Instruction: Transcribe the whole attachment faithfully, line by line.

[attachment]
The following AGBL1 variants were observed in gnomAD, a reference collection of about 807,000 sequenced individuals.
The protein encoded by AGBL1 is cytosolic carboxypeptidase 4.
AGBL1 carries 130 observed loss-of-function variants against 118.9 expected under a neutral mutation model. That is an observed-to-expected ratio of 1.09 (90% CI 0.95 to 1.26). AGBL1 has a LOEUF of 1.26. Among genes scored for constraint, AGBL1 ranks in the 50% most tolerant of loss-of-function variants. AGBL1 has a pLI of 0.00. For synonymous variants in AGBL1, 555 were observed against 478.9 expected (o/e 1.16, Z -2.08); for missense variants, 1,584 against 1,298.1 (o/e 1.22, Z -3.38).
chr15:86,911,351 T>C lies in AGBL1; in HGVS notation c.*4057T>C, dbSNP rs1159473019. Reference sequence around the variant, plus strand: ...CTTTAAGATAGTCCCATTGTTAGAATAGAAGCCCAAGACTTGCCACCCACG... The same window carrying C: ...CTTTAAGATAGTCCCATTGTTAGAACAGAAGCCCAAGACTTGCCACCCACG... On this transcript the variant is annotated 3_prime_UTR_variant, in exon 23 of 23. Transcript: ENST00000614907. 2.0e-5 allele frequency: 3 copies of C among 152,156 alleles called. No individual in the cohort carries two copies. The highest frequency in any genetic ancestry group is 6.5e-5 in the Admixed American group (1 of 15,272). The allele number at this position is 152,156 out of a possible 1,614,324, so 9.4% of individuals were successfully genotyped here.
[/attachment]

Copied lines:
The following AGBL1 variants were observed in gnomAD, a reference collection of about 807,000 sequenced individuals.
The protein encoded by AGBL1 is cytosolic carboxypeptidase 4.
AGBL1 carries 130 observed loss-of-function variants against 118.9 expected under a neutral mutation model. That is an observed-to-expected ratio of 1.09 (90% CI 0.95 to 1.26). AGBL1 has a LOEUF of 1.26. Among genes scored for constraint, AGBL1 ranks in the 50% most tolerant of loss-of-function variants. AGBL1 has a pLI of 0.00. For synonymous variants in AGBL1, 555 were observed against 478.9 expected (o/e 1.16, Z -2.08); for missense variants, 1,584 against 1,298.1 (o/e 1.22, Z -3.38).
chr15:86,911,351 T>C lies in AGBL1; in HGVS notation c.*4057T>C, dbSNP rs1159473019. Reference sequence around the variant, plus strand: ...CTTTAAGATAGTCCCATTGTTAGAATAGAAGCCCAAGACTTGCCACCCACG... The same window carrying C: ...CTTTAAGATAGTCCCATTGTTAGAACAGAAGCCCAAGACTTGCCACCCACG... On this transcript the variant is annotated 3_prime_UTR_variant, in exon 23 of 23. Transcript: ENST00000614907. 2.0e-5 allele frequency: 3 copies of C among 152,156 alleles called. No individual in the cohort carries two copies. The highest frequency in any genetic ancestry group is 6.5e-5 in the Admixed American group (1 of 15,272). The allele number at this position is 152,156 out of a possible 1,614,324, so 9.4% of individuals were successfully genotyped here.